5. The computer implemented method of claim 1, wherein the similar project and the current project provide a same product to a same customer in different geographical regions.
6. The computer implemented method of claim 1, wherein the similar project and the current project provide a same product to different customers.
7. The computer implemented method of claim 1, wherein the similar project and the current project provide a different product to a same customer.
8. The computer implemented method of claim 1, wherein the similar project is currently executing during a same time period as the current project.
9. The computer implemented method of claim 1, wherein the similar project completed execution before the current project commenced.
10. The computer implemented method of claim 1, further comprising:
the processor automatically implementing a change to the current project based on the information contained in the alert.
11. A computer program product for predicting future profitability of a current project, the computer program product comprising:
a computer readable storage media;
first program instructions to receive historical data from a predetermined past period of time for a current project, wherein the current project has commenced execution, and wherein the historical data represents profit data points at predetermined intervals of time for the current project after commencement;
second program instructions to generate a linear regression model to describe the historical data;
third program instructions to, in response to determining that the linear regression model adequately describes the historical data, generate an alert describing a predicted profitability of the current project during future predetermined discrete time periods;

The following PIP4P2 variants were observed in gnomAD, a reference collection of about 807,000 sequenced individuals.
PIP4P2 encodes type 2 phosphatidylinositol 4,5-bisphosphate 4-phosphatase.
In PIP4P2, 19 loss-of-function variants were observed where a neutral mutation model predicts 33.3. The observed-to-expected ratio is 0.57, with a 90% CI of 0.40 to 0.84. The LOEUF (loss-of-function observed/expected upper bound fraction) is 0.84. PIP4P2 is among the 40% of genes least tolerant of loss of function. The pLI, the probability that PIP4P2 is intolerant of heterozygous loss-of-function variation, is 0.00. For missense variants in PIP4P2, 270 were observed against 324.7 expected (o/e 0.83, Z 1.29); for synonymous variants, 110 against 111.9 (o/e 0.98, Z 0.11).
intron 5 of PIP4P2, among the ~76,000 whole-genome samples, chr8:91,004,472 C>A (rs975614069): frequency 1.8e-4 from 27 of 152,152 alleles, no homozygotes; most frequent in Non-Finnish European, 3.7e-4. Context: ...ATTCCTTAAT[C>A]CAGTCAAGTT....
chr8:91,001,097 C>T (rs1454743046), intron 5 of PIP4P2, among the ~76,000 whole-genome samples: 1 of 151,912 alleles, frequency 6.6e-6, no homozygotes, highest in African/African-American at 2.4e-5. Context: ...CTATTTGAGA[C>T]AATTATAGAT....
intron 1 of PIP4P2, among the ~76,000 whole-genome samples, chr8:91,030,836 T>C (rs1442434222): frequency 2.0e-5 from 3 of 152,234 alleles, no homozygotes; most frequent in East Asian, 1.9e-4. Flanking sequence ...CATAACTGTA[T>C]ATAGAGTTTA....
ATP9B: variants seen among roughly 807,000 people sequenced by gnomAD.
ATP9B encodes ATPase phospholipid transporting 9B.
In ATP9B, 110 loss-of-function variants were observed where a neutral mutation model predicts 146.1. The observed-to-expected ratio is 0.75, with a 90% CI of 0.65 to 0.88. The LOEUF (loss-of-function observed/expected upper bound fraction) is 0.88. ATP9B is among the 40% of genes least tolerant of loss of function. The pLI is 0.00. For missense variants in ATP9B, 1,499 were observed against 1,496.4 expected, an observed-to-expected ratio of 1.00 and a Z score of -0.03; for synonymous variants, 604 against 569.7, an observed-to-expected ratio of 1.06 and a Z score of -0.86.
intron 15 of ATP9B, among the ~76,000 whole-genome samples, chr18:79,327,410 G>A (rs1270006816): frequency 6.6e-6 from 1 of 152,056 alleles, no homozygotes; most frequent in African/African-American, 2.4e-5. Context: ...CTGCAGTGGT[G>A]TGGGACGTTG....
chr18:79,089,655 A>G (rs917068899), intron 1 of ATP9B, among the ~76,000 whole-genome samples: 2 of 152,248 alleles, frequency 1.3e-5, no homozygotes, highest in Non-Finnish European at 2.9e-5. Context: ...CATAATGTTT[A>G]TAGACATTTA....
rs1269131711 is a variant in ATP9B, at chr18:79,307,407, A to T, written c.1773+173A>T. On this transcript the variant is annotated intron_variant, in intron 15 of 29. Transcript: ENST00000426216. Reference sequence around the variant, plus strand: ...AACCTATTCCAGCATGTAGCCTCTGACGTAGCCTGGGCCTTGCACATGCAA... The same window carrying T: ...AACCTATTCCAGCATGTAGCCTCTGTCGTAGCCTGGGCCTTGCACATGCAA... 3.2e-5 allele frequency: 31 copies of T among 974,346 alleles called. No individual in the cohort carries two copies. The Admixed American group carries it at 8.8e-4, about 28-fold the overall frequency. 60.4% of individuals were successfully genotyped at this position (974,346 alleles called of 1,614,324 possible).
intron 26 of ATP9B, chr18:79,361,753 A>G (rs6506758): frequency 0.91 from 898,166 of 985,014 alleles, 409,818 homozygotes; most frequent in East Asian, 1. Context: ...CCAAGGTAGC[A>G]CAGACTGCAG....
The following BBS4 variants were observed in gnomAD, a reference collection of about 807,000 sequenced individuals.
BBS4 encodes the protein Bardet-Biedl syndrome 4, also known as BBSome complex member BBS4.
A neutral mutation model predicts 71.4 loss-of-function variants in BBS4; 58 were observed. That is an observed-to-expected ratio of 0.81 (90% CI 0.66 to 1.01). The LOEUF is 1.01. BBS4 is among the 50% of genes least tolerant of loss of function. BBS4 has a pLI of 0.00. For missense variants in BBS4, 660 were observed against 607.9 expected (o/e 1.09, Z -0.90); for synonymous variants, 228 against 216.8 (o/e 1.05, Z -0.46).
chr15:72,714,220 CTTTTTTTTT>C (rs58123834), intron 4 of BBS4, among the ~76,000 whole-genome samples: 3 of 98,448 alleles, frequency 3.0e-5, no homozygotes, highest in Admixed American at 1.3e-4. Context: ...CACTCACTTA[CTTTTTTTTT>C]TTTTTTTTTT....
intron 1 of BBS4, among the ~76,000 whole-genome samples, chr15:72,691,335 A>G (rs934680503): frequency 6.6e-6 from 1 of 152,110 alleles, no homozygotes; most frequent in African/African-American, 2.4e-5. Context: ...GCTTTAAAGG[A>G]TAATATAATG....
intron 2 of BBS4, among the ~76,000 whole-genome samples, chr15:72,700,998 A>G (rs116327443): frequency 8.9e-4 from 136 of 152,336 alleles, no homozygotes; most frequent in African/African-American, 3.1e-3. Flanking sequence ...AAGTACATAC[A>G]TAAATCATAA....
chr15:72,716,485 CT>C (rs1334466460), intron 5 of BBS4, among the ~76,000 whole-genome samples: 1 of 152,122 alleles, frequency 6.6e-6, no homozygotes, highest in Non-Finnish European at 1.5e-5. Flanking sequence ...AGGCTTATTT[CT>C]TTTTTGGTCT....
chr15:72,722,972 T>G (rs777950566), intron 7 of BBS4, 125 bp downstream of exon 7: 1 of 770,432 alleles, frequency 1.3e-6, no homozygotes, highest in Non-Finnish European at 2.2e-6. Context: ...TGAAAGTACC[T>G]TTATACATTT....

fourth program instructions to, in response to determining that the linear regression model inadequately describes the historical data, generate a polynomial regression model to describe the historical data;
fifth program instructions to, in response to determining that the polynomial regression model adequately describes the historical data, generate the alert describing the predicted profitability of the current project during the future predetermined discrete time periods;
sixth program instructions to, in response to determining that the polynomial regression model inadequately describes the historical data, locate a similar project that is similar to the current project;
seventh program instructions to receive other historical data for the similar project, wherein the other historical data represents profit data points at predetermined intervals of time for the similar project after project commencement;
eighth program instructions to, in response to determining that the linear regression model of the current project adequately describes the other historical data for the similar project, generate the alert describing the profitability of the current project during future predetermined time periods; and
ninth program instructions to, in response to determining that the linear regression model of the current project inadequately describes the other historical data for the similar project, and in response to determining that the polynomial regression model of the current project adequately describes the other historical data for the similar project, generate the alert describing the predicted profitability of the current project during future predetermined time periods based on the polynomial regression model adequately describing the other historical data for the similar project; and wherein
the first, second, third, fourth, fifth, sixth, seventh, eighth, and ninth program instructions are stored on the computer readable storage media.
12. The computer program product of claim 11, wherein the profit data points represent gross profit data points for the current project.
13. The computer program product of claim 11, wherein the similar project and the current project provide a same product to a same customer in different geographical regions.
14. The computer program product of claim 11, wherein the similar project is currently executing during a same time period as the current project.
15. The computer program product of claim 11, further comprising:
tenth program instructions to automatically implement a change to the current project based on the information contained in the alert; and wherein the tenth program instructions are stored on the computer readable storage media.
16. A computer system comprising:
a central processing unit (CPU), a computer readable memory, and a computer readable storage media;